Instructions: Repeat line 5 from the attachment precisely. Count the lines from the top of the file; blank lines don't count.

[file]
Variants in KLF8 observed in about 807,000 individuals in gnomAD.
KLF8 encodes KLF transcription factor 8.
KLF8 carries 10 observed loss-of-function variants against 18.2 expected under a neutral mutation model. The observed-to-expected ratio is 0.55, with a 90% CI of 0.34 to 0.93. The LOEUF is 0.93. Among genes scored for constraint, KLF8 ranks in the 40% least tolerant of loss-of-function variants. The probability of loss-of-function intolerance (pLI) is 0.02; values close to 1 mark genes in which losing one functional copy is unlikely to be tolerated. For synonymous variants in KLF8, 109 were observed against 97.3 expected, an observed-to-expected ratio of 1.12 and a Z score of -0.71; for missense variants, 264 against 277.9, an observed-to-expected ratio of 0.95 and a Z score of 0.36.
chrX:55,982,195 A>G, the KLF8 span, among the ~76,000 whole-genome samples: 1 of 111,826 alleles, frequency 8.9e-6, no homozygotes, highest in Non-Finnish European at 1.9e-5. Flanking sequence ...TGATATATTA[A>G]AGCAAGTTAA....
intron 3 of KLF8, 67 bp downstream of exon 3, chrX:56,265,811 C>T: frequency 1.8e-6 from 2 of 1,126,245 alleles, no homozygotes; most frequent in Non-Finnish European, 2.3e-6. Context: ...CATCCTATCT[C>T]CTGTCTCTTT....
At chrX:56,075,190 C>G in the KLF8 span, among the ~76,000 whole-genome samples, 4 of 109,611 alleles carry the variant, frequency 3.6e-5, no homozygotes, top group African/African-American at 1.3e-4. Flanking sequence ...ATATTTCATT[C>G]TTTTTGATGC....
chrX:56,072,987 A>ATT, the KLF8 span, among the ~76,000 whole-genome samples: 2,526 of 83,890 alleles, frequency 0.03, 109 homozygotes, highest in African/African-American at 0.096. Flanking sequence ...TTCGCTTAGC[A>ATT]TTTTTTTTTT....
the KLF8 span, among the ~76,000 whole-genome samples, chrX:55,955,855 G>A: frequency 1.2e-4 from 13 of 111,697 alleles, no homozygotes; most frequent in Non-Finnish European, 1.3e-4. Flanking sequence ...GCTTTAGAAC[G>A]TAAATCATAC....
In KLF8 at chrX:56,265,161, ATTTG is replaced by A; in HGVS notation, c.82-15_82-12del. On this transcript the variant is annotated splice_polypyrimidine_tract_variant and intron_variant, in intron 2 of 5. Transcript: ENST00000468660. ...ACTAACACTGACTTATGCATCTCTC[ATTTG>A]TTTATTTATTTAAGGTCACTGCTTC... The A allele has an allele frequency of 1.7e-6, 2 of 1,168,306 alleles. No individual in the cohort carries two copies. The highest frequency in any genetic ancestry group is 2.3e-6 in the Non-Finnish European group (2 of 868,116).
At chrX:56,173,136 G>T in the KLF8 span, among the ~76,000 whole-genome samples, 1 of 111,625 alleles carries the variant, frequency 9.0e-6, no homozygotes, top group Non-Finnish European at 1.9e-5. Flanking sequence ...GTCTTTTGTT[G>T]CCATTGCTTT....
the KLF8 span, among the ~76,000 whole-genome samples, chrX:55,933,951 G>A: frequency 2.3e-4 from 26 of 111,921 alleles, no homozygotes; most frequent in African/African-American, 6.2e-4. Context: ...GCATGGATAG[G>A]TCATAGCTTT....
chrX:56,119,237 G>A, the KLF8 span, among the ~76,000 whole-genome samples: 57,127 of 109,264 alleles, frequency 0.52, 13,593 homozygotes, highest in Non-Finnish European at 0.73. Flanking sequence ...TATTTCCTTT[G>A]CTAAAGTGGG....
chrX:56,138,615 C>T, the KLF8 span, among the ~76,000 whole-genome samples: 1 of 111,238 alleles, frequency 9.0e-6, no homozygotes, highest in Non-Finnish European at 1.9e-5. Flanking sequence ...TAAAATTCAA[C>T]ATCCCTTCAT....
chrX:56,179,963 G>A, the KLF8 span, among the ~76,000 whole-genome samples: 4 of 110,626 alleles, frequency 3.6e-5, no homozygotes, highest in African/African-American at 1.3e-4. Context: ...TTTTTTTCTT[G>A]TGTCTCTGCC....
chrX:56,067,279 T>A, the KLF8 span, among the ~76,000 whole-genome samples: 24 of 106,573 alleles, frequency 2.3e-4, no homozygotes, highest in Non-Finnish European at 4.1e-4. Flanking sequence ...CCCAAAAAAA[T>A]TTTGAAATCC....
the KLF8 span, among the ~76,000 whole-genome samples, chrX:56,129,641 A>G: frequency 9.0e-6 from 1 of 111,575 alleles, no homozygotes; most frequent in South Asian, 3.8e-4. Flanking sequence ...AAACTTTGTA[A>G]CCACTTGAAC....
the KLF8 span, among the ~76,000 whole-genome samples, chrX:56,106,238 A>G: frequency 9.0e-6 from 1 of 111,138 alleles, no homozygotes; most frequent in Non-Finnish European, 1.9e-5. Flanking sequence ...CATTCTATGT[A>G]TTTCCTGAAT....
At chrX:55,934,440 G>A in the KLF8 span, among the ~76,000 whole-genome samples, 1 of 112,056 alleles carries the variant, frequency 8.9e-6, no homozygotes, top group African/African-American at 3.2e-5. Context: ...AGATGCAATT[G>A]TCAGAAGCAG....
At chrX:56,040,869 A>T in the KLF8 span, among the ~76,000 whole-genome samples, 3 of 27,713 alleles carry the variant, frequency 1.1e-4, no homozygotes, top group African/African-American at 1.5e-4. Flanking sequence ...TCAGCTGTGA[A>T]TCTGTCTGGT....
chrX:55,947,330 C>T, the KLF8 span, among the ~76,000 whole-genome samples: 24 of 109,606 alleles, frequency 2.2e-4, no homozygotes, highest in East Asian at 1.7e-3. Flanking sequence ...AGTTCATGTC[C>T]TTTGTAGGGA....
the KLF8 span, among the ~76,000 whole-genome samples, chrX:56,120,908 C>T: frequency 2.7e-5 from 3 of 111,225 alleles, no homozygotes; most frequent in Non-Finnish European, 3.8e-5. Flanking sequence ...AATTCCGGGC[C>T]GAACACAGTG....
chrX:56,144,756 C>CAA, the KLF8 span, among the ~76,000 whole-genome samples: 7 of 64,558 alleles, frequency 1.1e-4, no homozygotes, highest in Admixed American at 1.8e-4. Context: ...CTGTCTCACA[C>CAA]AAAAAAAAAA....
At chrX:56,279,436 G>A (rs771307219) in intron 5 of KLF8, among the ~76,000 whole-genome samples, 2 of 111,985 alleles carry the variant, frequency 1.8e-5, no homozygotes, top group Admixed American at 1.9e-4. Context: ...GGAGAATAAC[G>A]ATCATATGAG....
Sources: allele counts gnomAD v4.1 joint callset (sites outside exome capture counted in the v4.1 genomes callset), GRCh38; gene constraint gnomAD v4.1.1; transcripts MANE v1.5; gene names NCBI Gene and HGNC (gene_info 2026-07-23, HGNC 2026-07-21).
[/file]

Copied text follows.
intron 3 of KLF8, 67 bp downstream of exon 3, chrX:56,265,811 C>T: frequency 1.8e-6 from 2 of 1,126,245 alleles, no homozygotes; most frequent in Non-Finnish European, 2.3e-6. Context: ...CATCCTATCT[C>T]CTGTCTCTTT....